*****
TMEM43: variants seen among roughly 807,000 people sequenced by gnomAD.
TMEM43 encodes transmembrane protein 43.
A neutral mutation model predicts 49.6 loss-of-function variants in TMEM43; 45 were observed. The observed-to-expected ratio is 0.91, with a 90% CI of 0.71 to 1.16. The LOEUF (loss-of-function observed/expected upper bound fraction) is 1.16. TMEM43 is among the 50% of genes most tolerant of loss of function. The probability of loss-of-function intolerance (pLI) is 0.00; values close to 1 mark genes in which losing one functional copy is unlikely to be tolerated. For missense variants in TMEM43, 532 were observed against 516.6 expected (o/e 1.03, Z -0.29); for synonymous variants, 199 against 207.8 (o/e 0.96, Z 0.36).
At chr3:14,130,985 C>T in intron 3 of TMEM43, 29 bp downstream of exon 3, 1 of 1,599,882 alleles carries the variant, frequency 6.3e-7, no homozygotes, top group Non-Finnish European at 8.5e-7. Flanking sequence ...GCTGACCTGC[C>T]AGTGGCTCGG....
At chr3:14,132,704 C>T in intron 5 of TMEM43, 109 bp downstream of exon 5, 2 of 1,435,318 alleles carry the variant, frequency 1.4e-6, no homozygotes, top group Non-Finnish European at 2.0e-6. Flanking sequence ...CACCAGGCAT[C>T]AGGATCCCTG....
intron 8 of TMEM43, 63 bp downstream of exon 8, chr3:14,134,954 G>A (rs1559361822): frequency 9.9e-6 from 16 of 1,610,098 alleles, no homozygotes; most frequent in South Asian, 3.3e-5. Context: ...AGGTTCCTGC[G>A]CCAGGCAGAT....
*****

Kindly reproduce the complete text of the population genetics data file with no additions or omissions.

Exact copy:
TMEM43: variants seen among roughly 807,000 people sequenced by gnomAD.
TMEM43 encodes transmembrane protein 43.
A neutral mutation model predicts 49.6 loss-of-function variants in TMEM43; 45 were observed. The observed-to-expected ratio is 0.91, with a 90% CI of 0.71 to 1.16. The LOEUF (loss-of-function observed/expected upper bound fraction) is 1.16. TMEM43 is among the 50% of genes most tolerant of loss of function. The probability of loss-of-function intolerance (pLI) is 0.00; values close to 1 mark genes in which losing one functional copy is unlikely to be tolerated. For missense variants in TMEM43, 532 were observed against 516.6 expected (o/e 1.03, Z -0.29); for synonymous variants, 199 against 207.8 (o/e 0.96, Z 0.36).
At chr3:14,130,985 C>T in intron 3 of TMEM43, 29 bp downstream of exon 3, 1 of 1,599,882 alleles carries the variant, frequency 6.3e-7, no homozygotes, top group Non-Finnish European at 8.5e-7. Flanking sequence ...GCTGACCTGC[C>T]AGTGGCTCGG....
At chr3:14,132,704 C>T in intron 5 of TMEM43, 109 bp downstream of exon 5, 2 of 1,435,318 alleles carry the variant, frequency 1.4e-6, no homozygotes, top group Non-Finnish European at 2.0e-6. Flanking sequence ...CACCAGGCAT[C>T]AGGATCCCTG....
intron 8 of TMEM43, 63 bp downstream of exon 8, chr3:14,134,954 G>A (rs1559361822): frequency 9.9e-6 from 16 of 1,610,098 alleles, no homozygotes; most frequent in South Asian, 3.3e-5. Context: ...AGGTTCCTGC[G>A]CCAGGCAGAT....